The No Child Left Behind Act

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Literature Review:
Every Student Succeeds Act
Suzanne Hatton, BSW, LSW
University of Kentucky-SW 630

This literature review seeks to explore the Every Student Succeeds Act (2015), a bipartisan reauthorization and revision to the No Child Left Behind Act (2002). The Every Student Succeeds Act (ESSA) is the first law passed in fourteen years to address Reneeded changes to the No Child Left Behind Act (NCLB). Considered progressive and innovative at the time of its passage, NCLB was the most dramatic and aggressive legislation enacted in decades and afforded the federal government enormous oversight of schools in the U.S. Passage of ESSA represents a shift back to state governance of schools and, whether
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Instead, President Obama continued to use federal authority to guide and enforce state reforms, leading some to call his endorsement “NCLB on steroids” (Mathis, 2011). When congress and the administration recognized the need to rewrite the legislation, they were unable to formulate a bipartisan agreement to ensure passage of a new bill until December, 2015 – fourteen years after passing the NCLB Act.

Literature Review
Numerous studies have detailed the small successes and numerous failures associated with NCLB and the need for change (Aldeman, 2015, Dee & Jacob, 2010, Hess, 2015). Because it is still so new, there is less scholarship evident regarding the Every Student Succeeds Act. When ESSA was made into law in December, 2015, popular media hailed its’ passage as a referendum against the NCLB and a cause for celebration. The Wall Street Journal described it as “the largest devolution of federal control to the states in a quarter-century” and the New York Times described ESSA as “the end of an era in which the federal government aggressively policed public school performance, and returned control to states and local districts.”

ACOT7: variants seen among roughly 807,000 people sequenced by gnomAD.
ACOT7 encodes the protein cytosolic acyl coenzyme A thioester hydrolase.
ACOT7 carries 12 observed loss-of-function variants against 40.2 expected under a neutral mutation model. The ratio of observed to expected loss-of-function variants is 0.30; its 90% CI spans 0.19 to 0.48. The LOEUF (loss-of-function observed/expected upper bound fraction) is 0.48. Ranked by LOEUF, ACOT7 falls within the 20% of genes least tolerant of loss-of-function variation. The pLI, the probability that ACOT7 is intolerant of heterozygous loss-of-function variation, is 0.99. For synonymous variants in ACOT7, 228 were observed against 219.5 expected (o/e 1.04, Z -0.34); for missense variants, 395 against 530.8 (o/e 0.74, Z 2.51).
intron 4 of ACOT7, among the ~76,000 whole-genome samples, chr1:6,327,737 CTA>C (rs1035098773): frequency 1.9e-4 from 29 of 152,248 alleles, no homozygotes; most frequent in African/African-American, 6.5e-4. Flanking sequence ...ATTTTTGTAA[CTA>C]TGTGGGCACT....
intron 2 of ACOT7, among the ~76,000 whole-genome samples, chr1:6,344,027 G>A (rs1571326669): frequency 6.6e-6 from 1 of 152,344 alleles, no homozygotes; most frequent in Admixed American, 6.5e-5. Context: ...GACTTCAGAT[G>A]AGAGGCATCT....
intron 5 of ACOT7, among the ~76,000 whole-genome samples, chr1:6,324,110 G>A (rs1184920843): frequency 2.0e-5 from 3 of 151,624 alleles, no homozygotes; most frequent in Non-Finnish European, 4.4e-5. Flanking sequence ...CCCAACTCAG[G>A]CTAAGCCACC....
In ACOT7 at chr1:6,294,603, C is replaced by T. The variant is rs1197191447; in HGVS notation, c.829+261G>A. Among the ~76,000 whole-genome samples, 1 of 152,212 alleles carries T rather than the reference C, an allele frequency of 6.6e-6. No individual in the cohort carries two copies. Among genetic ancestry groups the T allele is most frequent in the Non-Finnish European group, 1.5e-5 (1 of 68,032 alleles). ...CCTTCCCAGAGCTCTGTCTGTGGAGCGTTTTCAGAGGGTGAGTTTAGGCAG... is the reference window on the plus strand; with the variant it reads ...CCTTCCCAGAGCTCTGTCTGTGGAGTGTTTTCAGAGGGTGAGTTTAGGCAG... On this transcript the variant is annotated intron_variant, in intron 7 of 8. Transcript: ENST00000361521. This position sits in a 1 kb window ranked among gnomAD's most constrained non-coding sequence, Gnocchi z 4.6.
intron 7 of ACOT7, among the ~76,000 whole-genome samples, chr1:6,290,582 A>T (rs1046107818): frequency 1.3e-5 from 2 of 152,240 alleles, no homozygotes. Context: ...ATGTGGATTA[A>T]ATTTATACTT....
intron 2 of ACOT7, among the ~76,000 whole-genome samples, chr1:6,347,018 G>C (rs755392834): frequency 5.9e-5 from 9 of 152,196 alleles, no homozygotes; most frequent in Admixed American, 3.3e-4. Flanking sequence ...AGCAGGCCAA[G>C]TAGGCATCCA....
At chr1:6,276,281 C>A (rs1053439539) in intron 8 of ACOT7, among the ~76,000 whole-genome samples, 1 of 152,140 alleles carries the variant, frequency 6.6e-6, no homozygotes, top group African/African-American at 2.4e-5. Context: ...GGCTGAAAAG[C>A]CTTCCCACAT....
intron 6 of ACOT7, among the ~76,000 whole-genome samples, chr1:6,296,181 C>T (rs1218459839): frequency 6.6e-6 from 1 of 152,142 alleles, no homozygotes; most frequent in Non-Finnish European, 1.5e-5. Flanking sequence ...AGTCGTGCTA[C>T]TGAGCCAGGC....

One of the major changes brought about by ESSA is expected to be its’ effect on rural schools (Brenner, 2016). NCLB was especially criticized for its impact on rural schools (e.g., Eppley, 2009; Jimerson, 2005; Reeves, 2003).
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